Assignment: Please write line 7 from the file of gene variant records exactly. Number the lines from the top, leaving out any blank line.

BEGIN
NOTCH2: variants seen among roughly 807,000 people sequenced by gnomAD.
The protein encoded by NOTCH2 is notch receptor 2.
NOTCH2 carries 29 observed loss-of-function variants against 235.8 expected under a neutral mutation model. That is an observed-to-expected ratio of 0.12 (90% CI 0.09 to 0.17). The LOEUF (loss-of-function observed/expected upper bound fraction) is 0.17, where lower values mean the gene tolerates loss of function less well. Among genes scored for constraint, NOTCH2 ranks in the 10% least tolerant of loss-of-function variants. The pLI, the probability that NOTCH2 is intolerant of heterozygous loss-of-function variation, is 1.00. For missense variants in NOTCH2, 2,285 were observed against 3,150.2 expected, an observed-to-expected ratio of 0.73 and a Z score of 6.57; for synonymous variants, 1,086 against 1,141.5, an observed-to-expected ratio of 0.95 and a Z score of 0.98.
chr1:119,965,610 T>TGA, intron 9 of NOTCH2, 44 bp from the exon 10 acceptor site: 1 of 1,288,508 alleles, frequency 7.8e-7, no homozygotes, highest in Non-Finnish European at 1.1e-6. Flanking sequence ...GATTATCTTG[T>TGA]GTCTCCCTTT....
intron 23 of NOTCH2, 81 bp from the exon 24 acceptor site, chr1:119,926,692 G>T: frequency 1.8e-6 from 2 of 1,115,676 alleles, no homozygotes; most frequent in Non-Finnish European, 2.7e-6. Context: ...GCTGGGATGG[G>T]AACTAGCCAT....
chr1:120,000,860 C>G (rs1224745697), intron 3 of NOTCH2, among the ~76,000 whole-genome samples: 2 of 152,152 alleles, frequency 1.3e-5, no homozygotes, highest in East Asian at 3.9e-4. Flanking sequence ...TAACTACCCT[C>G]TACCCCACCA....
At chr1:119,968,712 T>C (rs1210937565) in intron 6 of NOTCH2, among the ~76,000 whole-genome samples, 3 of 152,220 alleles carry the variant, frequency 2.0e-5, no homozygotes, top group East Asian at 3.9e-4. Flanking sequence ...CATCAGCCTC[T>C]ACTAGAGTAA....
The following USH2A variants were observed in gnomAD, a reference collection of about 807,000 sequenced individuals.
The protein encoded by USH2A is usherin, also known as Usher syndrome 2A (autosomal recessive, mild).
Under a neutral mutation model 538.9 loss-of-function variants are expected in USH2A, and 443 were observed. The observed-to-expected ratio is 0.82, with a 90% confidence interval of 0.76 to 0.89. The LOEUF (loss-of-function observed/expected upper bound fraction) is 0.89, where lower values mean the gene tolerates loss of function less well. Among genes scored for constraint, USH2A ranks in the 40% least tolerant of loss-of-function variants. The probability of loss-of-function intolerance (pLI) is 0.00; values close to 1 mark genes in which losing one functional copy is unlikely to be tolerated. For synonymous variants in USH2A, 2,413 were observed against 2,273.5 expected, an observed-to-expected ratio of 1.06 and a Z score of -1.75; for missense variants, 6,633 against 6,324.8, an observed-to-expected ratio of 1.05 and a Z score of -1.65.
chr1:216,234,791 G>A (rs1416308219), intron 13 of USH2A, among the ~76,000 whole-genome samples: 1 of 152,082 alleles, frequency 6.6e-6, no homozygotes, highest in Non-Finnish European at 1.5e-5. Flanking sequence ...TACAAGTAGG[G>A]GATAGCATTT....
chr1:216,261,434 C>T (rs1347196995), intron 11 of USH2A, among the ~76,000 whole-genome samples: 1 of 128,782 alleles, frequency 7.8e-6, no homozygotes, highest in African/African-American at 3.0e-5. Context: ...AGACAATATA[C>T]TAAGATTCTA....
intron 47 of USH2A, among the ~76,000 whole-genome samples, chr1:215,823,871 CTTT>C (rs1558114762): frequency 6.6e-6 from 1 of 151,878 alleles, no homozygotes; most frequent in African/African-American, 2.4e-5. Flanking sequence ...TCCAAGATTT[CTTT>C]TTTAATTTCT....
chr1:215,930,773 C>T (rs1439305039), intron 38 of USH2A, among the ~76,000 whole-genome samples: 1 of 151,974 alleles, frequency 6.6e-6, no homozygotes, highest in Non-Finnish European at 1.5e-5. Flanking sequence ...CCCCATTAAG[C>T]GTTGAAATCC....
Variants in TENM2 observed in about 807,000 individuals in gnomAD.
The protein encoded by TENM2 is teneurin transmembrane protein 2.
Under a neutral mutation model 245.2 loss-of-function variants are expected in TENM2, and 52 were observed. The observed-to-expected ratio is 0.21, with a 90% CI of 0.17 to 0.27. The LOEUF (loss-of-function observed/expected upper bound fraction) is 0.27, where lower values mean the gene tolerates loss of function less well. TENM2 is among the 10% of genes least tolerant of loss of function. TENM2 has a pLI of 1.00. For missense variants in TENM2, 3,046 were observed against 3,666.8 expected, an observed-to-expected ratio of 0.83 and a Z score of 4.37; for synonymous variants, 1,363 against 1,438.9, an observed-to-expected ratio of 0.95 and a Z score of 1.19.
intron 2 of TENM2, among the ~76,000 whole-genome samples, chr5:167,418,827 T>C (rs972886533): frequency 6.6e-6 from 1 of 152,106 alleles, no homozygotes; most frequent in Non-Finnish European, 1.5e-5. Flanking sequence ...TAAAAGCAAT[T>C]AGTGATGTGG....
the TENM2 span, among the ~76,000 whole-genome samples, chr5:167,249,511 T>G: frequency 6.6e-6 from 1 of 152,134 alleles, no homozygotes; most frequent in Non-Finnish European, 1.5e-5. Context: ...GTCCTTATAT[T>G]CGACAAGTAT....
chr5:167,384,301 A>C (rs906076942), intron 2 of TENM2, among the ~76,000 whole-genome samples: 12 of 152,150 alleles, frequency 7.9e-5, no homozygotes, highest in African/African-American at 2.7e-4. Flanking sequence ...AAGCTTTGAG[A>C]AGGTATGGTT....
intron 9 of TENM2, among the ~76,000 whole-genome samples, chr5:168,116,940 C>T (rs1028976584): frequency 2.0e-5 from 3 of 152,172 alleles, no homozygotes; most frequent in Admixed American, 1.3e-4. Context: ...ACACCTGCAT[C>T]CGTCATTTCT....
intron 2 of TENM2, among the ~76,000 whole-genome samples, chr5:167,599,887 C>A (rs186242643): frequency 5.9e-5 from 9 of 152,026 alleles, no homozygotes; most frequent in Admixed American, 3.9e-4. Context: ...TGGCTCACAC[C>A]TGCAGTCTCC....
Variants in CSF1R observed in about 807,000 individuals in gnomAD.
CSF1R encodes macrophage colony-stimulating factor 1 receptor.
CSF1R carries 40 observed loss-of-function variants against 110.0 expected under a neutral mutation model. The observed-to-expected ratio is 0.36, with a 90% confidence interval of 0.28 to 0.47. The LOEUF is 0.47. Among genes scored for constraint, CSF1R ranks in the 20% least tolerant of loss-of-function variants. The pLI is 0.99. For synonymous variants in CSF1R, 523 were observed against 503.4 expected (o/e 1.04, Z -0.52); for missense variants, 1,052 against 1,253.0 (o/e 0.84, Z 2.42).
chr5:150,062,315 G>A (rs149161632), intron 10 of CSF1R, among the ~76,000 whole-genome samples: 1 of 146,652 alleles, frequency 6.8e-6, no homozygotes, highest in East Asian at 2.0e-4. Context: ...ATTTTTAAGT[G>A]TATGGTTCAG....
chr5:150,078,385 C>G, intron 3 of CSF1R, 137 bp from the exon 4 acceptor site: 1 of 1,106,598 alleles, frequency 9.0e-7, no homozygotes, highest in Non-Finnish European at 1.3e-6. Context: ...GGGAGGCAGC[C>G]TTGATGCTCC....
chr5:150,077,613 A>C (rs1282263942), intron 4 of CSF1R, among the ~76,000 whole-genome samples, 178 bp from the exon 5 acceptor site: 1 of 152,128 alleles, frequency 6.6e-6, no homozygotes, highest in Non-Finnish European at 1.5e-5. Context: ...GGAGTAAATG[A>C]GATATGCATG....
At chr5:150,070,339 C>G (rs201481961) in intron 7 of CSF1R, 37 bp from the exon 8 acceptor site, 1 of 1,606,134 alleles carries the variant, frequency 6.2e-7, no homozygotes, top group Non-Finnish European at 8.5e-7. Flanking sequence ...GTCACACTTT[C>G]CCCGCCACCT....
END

At chr1:119,968,712 T>C (rs1210937565) in intron 6 of NOTCH2, among the ~76,000 whole-genome samples, 3 of 152,220 alleles carry the variant, frequency 2.0e-5, no homozygotes, top group East Asian at 3.9e-4. Flanking sequence ...CATCAGCCTC[T>C]ACTAGAGTAA....